Today’s Breakfast Brief digs into crop progress figures in both the U.S. and South America. We also look at some comparative export numbers and whether livestock prices will offer feed grain prices any more upside.
“Shallow men believe in luck. Strong men believe in cause and effect.” – Ralph Waldo Emerson (American author)
Grain markets are mixed this morning with wheat languishing on some export numbers and futures selling. Canola prices and soyoil are bouncing off their downside knee-jerk reaction of new import taxes on vegetable oils by India.
Yesterday we also got some policy updates.
First, Nebraska’s Public Service Commission approved the Keystone XL pipeline to run through the state. It is a different route than what pipeline owner TransCanada Corp. had sought, but it is a policy win and should finally bring this long-standing debate to a close. 
Second, the progress of NAFTA re-negotiations has slowed. American demands aren’t being met with counter-proposals from Canada or Mexico.  More specifically, the US is looking for an end to the protection of Canadian dairy, poultry, and egg industries, also known as supply management. 
Dan Huber of the Huber report thinks that a nice short-covering rally may be in our cards between now and the end of the year.  “There’s an old adage that if the bears get Turkey for (US) Thanksgiving, the bulls get it for Christmas,” he said in a recent AgDay interview.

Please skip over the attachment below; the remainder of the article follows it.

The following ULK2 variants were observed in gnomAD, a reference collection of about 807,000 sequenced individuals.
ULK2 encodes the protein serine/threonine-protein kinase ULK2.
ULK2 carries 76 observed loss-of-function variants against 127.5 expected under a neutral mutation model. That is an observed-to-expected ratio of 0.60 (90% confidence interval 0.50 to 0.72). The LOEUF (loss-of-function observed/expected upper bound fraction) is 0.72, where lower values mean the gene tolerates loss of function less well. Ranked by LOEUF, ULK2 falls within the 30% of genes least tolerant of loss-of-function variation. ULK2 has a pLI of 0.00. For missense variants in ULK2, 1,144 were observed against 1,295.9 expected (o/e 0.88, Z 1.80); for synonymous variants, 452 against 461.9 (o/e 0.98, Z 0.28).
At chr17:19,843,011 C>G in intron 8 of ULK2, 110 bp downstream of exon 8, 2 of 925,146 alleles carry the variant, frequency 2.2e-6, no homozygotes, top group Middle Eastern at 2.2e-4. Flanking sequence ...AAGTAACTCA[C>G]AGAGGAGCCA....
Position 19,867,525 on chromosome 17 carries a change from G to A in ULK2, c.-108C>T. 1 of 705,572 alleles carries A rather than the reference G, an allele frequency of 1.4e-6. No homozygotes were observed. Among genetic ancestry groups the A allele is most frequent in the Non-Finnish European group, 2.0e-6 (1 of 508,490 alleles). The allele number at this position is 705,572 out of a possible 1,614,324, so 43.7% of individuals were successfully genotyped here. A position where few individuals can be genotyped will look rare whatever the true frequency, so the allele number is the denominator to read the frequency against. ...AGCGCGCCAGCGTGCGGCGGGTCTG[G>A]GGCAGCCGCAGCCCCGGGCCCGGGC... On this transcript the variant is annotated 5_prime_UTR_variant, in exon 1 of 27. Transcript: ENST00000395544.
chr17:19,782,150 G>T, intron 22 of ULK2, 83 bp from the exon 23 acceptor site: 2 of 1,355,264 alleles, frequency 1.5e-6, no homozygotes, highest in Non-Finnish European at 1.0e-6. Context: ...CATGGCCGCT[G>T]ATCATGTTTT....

As Garrett mentioned in Grain Markets Today, wheat prices slumped yesterday on worse-than-expected export numbers last week. A year ago, 434,000 tonnes of U.S. wheat was shipped out.
This year, less than half of that number.
On the flipside, Russia continues to impress with 14.8 million tonnes of wheat exported thus far in 2017/18, as of last week. This is up 26% year-over-year. The average price sitting at Black Sea ports is $192 USD/tonne (or $5.25 USD and $6.70 CAD per bushel).
For U.S. soybean exports, it’s the opposite. Todd Hubbs of the University of Illinois notes that most actual sales and pace of shipments are behind last year.  However, Hubbs expects the current 2017/18 USDA export target of 2.25 Billion bushels (or 61.25 million tonnes if you’re using GrainUnitConverter.com) to get hit.
The only variable really is crop progress in South America.
Oats Prices, Barley Prices Firming?
AgCanada says that Canadian oats are moving to the U.S. at a record pace.  The AAFC is expecting oat prices to firm up going into Christmas, although, I’ll admit, I’m not expecting a huge spike.
For barley, the AAFC notes that feed barley prices remain strong. This is because of some lower-than-expected feed supplies and stronger livestock futures prices.
As mentioned in yesterday’s Breakfast Brief though, there’s a fair amount of American corn and DDGs trying to make its way into Canada for animals to feast on.
Supporting this theory is that the premium between barley and corn is at a three-year high. One could posit that what goes up, must come down.
However, we continue to think that larger herd size in the U.S. is supportive of feed grain prices in general. This doesn’t mean that prices are going to skyrocket higher, just that they may stay around where they’re at today.
As we mentioned previously, literally ”giving a cow” is supportive of corn prices (and that of other feed grains).